This is an interesting situation from a game theory point of view. In most situations, doing what Suárez did wouldn’t be worth it. In most games of football, getting an automatic red card and for deliberate handball when keeping the ball from entering your goal is perfectly sufficient as punishment. Furthermore, 9 times out of 10, the ensuing penalty kick results in a goal. In the fulcrum of the World Cup however, anything at all is worth the chance of what could be a once in a lifetime opportunity of reaching the semi-finals. If Suárez hadn’t parried the ball away, his dream and that of his teammates’ and nation’s, would be over. Ghana would have made it through instead. Most people watching the game would’ve been happy with that, thus their ensuing anger. Of course, Suárez didn’t help things with a terrible press conference. Here are some quotes:
“The Hand of God now belongs to me. Mine is the real Hand of God”
“I made the best save of the tournament.”
“When they missed the penalty I thought, it is a miracle and we are alive in the tournament.”
Suárez will never regret this moment, nor should we expect him to. He did what he was sent to the World Cup to do, help his national team win the World Cup. The real question is whether this was cheating, in some meaningful sense. Suárez didn’t deceive anyone, he didn’t do anything not covered by the rules of the game (he didn’t use performance-enhancing drugs, for instance, nor did he bribe anyone). His main offense was breaking hearts. The question is whether the rules of the game should be changed to ensure that no one could crush the hopes of so many. That should not treated lightly. FIFA have made many changes because of that. Playing the final games of the group stages simultaneously is a way of ensuring that teams don’t collude to progress at their rivals expense. The rule forbidding passing to the goal-keeper is to make football more attractive to watch, and harder to kill the game. The offsides law has been changed many times to ensure that teams couldn’t exploit it to deaden attacks. On this matter, though, I’ll admit I don’t know what to think. It’s hard to see Ghana lose in such a fashion, but, to quote their coach, “that’s football.”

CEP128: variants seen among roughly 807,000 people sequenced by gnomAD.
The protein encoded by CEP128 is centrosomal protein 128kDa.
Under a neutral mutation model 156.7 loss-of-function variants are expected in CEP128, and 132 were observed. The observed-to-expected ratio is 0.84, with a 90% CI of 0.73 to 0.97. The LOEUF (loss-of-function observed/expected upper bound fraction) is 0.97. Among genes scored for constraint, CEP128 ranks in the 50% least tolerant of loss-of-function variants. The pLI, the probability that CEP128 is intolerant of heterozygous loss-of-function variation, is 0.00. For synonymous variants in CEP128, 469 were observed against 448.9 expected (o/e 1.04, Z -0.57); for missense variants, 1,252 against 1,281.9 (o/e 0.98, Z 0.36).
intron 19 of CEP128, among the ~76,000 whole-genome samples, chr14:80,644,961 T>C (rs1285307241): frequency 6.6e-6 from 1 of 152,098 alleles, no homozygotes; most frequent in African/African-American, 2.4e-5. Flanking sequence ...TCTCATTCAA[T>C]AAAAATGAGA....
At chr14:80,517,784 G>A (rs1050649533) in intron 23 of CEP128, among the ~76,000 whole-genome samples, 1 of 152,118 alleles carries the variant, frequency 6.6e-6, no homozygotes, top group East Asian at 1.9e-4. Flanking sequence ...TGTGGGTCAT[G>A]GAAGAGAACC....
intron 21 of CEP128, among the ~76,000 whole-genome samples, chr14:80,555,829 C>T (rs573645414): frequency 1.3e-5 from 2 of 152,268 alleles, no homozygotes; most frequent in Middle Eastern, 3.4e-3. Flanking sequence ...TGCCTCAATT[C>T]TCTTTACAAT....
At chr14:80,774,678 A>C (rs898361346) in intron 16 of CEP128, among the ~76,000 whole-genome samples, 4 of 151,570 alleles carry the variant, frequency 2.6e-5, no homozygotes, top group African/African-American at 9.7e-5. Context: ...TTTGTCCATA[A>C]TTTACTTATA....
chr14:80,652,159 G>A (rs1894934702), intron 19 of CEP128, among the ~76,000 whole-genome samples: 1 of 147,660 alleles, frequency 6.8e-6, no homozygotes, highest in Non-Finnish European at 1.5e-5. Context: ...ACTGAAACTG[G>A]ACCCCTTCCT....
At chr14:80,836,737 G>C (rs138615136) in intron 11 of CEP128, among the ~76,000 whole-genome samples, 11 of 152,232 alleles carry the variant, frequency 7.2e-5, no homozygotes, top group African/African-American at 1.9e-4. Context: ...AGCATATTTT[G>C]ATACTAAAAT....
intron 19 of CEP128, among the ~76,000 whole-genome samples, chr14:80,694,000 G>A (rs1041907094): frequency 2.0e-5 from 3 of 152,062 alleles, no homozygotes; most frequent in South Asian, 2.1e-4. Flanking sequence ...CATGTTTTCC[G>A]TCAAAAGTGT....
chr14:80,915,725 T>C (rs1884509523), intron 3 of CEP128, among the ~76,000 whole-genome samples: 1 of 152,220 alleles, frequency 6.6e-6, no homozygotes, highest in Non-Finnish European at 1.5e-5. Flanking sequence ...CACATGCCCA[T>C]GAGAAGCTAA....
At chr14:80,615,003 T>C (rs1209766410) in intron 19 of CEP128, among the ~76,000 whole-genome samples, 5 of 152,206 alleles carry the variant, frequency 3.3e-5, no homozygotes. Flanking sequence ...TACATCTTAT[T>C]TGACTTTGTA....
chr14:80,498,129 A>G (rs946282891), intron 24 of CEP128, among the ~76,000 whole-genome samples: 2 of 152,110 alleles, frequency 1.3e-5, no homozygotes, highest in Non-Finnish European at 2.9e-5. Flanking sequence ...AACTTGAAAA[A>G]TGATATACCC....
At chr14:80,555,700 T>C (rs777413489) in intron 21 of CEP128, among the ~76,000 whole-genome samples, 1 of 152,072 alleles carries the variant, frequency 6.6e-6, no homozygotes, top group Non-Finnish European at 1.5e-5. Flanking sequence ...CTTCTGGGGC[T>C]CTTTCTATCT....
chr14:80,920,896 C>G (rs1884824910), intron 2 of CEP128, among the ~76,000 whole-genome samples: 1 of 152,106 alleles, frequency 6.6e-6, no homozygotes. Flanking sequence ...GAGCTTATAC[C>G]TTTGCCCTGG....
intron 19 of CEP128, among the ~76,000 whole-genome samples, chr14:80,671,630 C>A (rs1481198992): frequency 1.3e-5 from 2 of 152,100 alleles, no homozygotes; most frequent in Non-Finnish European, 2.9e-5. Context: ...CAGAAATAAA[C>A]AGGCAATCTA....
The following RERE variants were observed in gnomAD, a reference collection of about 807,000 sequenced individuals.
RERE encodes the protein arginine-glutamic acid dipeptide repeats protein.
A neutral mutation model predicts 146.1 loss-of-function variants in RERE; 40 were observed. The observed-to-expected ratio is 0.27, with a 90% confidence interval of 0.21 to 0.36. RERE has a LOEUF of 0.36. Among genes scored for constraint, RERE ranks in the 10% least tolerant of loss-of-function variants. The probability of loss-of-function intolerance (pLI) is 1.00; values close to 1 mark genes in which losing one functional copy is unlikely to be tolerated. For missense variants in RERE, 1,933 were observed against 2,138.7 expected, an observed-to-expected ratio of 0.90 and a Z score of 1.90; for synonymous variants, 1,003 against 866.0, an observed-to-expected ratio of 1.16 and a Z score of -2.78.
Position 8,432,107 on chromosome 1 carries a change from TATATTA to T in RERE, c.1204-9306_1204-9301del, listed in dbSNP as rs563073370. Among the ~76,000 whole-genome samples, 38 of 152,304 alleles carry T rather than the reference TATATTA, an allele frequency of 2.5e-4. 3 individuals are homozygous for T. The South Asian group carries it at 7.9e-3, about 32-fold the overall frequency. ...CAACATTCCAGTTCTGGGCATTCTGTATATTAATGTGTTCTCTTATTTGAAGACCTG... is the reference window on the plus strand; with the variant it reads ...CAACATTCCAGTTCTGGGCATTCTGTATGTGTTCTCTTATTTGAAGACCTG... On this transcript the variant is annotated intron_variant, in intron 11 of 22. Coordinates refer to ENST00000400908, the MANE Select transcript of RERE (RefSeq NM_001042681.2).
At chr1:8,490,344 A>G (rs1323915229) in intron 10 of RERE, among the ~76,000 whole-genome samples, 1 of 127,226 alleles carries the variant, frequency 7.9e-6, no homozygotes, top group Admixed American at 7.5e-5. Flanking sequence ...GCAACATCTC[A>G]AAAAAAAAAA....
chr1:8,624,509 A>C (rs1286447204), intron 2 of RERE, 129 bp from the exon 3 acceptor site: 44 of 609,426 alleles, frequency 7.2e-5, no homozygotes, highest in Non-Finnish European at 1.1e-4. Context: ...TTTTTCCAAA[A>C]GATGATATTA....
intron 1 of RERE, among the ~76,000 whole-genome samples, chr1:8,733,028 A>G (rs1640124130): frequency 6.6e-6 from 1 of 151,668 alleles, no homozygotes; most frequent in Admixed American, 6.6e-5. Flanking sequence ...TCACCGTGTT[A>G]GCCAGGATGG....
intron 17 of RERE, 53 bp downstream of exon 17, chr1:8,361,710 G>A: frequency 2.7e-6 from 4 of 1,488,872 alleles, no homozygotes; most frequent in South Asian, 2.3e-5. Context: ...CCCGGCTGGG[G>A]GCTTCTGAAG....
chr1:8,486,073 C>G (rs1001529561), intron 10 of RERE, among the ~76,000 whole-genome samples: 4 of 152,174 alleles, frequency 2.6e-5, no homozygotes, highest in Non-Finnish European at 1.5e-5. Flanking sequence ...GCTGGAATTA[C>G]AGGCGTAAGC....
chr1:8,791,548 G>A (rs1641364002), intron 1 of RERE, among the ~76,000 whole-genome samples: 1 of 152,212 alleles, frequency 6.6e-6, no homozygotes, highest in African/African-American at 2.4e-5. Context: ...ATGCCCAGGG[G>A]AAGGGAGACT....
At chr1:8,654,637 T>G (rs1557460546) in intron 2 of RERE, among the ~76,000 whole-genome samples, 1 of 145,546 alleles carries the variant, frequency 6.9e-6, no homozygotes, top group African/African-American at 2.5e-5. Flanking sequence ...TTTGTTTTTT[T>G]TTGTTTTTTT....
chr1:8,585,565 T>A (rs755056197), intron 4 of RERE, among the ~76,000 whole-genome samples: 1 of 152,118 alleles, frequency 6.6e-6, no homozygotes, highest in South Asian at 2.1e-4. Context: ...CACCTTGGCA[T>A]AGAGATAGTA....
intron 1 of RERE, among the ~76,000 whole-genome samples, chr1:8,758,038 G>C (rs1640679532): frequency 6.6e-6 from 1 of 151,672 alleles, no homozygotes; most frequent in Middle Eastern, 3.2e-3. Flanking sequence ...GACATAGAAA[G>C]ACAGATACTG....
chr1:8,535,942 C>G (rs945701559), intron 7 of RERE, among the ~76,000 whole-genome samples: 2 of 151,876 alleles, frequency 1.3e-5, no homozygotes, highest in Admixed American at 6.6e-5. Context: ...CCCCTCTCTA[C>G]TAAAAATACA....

Games are never more fascinating than when they become suffused with emotion. The anger at Uruguay, suddenly the villains of the tournament, makes for interesting drama. I expect that most people will root for Holland. I know that if not for the handball, I probably would have rooted for Uruguay. Now, to be honest, I don’t particularly care which team wins. It’ll be interesting either way, storywise. My hope is that it will be a game worthy of the quarterfinal games these teams played. As to which one will advance, it is impossible to make predictions in World Cup semi-finals. The Dutch and the Uruguayans are both no strangers to success, and no strangers to heartbreak. Holland is more individually talented, but have failed to come together as a team, witness the frustration evident on the face of their forward Robin van Persie in each game, who rarely receives a good pass (and when he does, little comes of it). Uruguay have worked together as a single, cohesive unit. Both teams will have crucial players missing through injury and suspensions. I’ll admit that I really have no idea how this will go, but if I had to make a prediction I’d go with the Uruguayans. Of course, the moment I say that, another voice rises within me to tell me not to be a fool, the individual talent of Robben, Sneijder et al will see the Dutch through.
Photo by Jimmy Baikovicius.